The authors noted that this study was an ecological analysis and was therefore unable to conclude any causal association between smoking and prostate cancer mortality. The authors also highlighted that the decreases in prostate cancer mortality occurred in spite of increasing obesity prevalence over the study period.
In conclusion the authors stated their findings support the need for targeted smoking cessation efforts, which could reduce prostate cancer mortality rates in this population burdened by both higher rates of prostate cancer and an elevated prevalence of cigarette smoking.

March 2016

1. Efficacy and potential benefits of intermittent versus continuous androgen deprivation therapy

The ICELAND study, a multicentre phase 3 randomised study was conducted in 20 European countries, investigated the efficacy and safety profile of intermittent androgen deprivation (IAD) compared with continuous androgen deprivation (CAD) therapy in patients with non-metastatic prostate cancer. 700 patients were randomly assigned to either IAD or CAD therapy with leuprorelin acetate. Leuprorelin is also called Prostap or Lutrate and is a type of hormone therapy for prostate cancer.

Results from this study indicate no statistically significant or clinically relevant difference between the IAD or CAD groups for time to PSA progression, PSA progression free survival and mean PSA levels over time or quality of life in patients with non-metastatic locally advanced or relapsing prostate cancer.

The authors concluded the main potential benefit of IAD compared with CAD was reduced drug costs with comparable overall survival rates. 

2. Prostate Cancer Survival in men with metastatic castration-resistance prostate cancer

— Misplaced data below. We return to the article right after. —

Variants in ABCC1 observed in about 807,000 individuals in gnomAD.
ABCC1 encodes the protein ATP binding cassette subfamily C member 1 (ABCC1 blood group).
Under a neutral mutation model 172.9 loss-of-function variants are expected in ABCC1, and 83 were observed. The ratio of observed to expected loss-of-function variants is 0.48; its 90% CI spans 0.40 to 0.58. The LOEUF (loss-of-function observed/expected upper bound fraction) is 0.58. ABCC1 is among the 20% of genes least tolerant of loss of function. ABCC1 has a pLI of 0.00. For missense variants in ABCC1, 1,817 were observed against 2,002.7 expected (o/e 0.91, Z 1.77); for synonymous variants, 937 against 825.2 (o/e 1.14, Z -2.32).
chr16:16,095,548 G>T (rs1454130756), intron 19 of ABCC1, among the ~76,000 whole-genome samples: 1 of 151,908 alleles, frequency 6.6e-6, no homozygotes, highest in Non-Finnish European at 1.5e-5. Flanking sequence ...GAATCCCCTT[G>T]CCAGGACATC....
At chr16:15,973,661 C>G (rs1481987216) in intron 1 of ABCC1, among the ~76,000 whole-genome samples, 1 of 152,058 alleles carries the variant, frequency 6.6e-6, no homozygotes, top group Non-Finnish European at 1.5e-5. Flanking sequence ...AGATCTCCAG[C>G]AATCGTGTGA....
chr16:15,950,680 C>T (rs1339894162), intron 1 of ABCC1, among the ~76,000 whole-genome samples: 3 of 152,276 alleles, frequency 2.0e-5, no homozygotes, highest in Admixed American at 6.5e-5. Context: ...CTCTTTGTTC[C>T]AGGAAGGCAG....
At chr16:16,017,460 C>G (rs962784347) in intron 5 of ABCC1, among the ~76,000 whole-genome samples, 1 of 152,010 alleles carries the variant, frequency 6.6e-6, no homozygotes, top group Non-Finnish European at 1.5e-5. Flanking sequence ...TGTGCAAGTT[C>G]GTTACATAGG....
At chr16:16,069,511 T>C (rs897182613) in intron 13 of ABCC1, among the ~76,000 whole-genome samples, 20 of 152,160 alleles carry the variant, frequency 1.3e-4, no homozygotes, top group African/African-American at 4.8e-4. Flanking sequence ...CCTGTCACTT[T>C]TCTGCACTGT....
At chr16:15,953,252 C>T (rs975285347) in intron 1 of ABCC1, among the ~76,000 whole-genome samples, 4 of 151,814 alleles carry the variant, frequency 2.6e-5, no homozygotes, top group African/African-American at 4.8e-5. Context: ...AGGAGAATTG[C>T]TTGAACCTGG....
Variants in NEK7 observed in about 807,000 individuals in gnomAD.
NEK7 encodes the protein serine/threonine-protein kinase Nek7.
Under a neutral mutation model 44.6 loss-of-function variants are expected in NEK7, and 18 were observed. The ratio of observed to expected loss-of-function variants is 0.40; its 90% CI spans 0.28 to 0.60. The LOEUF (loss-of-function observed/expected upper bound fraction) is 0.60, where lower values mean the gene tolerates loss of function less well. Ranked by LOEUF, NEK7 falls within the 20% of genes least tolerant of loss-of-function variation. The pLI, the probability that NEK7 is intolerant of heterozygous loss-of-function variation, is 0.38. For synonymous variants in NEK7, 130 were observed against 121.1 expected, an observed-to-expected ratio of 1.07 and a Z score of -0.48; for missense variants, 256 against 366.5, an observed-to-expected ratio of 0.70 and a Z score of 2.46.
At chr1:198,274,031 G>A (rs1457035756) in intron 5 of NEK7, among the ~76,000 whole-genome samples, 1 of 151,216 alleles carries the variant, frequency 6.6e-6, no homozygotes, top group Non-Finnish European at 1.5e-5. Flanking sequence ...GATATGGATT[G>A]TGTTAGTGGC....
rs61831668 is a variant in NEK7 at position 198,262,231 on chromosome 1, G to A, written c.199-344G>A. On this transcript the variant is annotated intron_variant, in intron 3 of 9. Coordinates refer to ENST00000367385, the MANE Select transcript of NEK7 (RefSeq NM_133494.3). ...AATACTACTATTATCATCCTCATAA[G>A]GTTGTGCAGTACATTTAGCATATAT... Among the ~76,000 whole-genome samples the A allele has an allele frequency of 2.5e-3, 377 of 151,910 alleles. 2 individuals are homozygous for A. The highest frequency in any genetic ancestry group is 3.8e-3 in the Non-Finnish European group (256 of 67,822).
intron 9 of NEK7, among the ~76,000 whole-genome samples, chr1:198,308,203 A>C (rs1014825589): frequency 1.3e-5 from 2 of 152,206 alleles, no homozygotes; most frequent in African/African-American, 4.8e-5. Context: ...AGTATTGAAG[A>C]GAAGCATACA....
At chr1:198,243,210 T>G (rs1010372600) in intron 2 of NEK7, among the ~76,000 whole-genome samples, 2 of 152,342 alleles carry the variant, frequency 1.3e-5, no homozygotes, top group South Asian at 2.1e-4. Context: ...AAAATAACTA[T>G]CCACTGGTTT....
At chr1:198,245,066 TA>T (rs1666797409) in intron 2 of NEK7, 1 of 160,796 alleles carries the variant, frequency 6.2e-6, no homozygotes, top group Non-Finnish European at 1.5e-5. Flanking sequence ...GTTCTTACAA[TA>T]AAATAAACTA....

Several studies have identified the presence of visceral disease as an important adverse prognostic factor of overall survival (OS) in men with metastatic castration-resistant prostate cancer (mCRPC).  In this study, Halabi and colleagues analysed the data of nine phase 3 clinical trials involving over 8,000 men with metastatic prostate cancer, who had been treated with the chemotherapy drug docetaxel.

In the study patients were classified into four groups based on where their prostate cancer had spread to: the lymph nodes only, the lung, the liver (without the lung) or the bone (with or without lymph nodes and no metastases to other organs). 

Men whose cancer had spread to the lymph nodes only had the longest median survival, at 32 months, while those whose cancer had spread to the liver had the shortest median survival, at 14 months.  Men with bone metastasis was associated with a median survival of just over 21 months, while men whose prostate cancer had spread to the lung had a median survival of 19 months.  In conclusion the authors suggested further research and study is needed to understand the development of different metastatic patterns of disease, and a need to biopsy patients with recurrences to identify underlying mechanisms and treatment approaches for men with mCRPC.

3. Impact of radiation therapy dose escalation

American researchers, Zaorsky and colleagues, carried out a meta-analysis looking at how increasing the dose of external radiation therapy (RT) is related with biochemical failure free survival (BFFS) and other overall patient outcomes, including distant metastasis, overall survival (OS) and cancer-specific mortality. Data from almost 7,000 patients with localised and locally advanced prostate cancer from 12 randomised-controlled trials was included in the analysis.